Following Vint’s remarks, the Advisory Council (AC) engaged him in a discussion on the transition to IPv6 and DNSSEC deployment. With respect to IPv4 to IPv6 transition, Vint suggested the discussion should focus on interoperability and that the message should not be that everyone must turn off IPv4, but rather that everyone should add IPv6 to allow for improved interoperability.

Several members of the AC commented that ISPs need a business plan to move to IPv6, and that many of them do not have this plan today. The end-user perception of the IPv6 infrastructure is often of a lower quality of service than IPv4.

  • A content provider recently added an IPv6 stack, and then received some congratulatory messages from users in Japan (where everyone is on IPv6). A few hours later, the provider received complaints that the IPv6 performance was lower than before (when they were on IPv4).
  • The were many reasons for the perceived decrease in quality of service and they almost certainly included that connectivity to the site was a patchwork of a tunnel here plus a tunnel there plus …

Daniel Karrenberg asked if ISOC should play a role in educational activities to get the facts out and also if the AC could do work to develop a business plan for IPv6.

  • Vint observed that the industry has no deadline-like driver to get everyone to move, like Y2K. Without such a deadline, other approaches may be needed, such as increasing the level of understanding among users that having IPv6 at both ends of a connection would be best for interoperability.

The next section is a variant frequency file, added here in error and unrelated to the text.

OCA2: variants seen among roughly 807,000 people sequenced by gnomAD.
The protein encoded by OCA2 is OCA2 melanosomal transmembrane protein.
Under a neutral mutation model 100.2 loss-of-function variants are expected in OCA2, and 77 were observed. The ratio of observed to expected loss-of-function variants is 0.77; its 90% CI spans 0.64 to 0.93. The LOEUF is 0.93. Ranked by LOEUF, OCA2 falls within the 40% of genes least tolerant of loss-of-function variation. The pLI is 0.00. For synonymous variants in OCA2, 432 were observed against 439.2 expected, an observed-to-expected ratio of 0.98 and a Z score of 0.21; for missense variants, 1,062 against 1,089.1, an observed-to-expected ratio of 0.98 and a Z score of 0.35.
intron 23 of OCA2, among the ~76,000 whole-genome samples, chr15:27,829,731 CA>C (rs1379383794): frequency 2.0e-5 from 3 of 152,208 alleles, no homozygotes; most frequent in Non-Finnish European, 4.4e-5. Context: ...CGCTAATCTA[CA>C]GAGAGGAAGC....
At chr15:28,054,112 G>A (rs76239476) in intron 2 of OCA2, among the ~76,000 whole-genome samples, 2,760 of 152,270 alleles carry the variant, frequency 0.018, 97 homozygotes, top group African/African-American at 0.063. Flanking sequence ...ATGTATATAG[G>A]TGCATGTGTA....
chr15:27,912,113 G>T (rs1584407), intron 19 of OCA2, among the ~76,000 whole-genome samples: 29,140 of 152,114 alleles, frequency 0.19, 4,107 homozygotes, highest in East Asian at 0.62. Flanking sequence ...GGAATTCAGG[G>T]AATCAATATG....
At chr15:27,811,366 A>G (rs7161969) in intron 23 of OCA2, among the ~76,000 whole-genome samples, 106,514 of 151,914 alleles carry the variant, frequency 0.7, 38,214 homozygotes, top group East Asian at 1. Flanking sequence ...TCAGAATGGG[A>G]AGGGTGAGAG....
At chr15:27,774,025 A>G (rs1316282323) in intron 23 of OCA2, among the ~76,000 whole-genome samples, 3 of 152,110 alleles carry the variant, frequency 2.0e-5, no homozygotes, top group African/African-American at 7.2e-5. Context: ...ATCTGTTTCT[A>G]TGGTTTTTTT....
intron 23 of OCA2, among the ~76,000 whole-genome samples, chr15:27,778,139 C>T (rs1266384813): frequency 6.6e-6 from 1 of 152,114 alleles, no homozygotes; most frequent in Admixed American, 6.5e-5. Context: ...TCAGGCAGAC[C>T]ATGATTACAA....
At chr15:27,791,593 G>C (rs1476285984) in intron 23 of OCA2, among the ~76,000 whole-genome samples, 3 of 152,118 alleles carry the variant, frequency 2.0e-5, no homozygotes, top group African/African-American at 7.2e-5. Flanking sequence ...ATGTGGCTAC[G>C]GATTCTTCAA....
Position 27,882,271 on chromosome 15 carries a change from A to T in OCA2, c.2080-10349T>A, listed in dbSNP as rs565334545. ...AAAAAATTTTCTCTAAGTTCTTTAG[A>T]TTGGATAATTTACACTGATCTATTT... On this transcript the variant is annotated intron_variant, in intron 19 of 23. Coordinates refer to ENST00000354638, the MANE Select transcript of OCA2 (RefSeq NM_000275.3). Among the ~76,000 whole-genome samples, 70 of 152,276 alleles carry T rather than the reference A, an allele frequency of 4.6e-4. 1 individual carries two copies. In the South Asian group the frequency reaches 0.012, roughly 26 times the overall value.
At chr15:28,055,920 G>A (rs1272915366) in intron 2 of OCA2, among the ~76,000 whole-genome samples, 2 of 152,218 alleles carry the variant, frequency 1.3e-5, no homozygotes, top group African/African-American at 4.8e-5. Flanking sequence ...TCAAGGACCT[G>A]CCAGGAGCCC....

• Erik Huizer mentioned that some people in Holland are exploring ways to stimulate end-user demand for IPv6 as an alternative to investing in migration plans. One way to do this could be to generate new high quality content and make it available (for free) on new IPv6-only servers.
  • Fred Baker reported that his customers are asking questions about how to make IPv4 cable modems work in the same network as IPv6.

Following Vint’s remarks, Lynn St. Amour opened a discussion on other topics of interest to the Advisory Council. Discussion continued on the IPv4 to IPv6 transition and what ISOC could do. Several of AC members said they would like to see ISOC take a leadership role in education relating to the IPv6 transition. Desiree Miloshevic recommended that ISOC Chapters be part of future education efforts.

Mike Nelson talked about an OECD Ministerial Meeting being planned for June 2008 in Seoul, South Korea on “The Future of the Internet Economy”. Lynn St.Amour noted that ISOC staff has been advising the OECD on its draft agenda, including proposed topics and speakers.

The Advisory Council also discussed what ISOC could do regarding DNSSEC. Several members felt that the issue was caught up in politics and was more appropriate an issue for ICANN to address. Lynn noted that ISOC’s policy activities had proven effective in educating those governments which were less involved in the politics surrounding this issue.

Ed Juskevicius, the AC chair, adjourned the meeting at 9AM.

Vint Cerf discusses 'Challenges for the Internet' with ISOC Advisory Council

Video  Icon Vint Cerf addresses the June 29, 2007 meeting of the Internet Society's Organizational Member Advisory Council, held in San Juan, Puerto Rico, on a range of topics, notably:

  • Current status of Internet deployment and usage;
  • IPv4 address space run-out, and the need to stimulate IPv6 deployment;
  • Issues surrounding IDN introduction at the top level;
  • DNSSEC deployment;
  • ISOC's role in addressing important Internet issues outside of ICANN's specific mandate.

See video on Google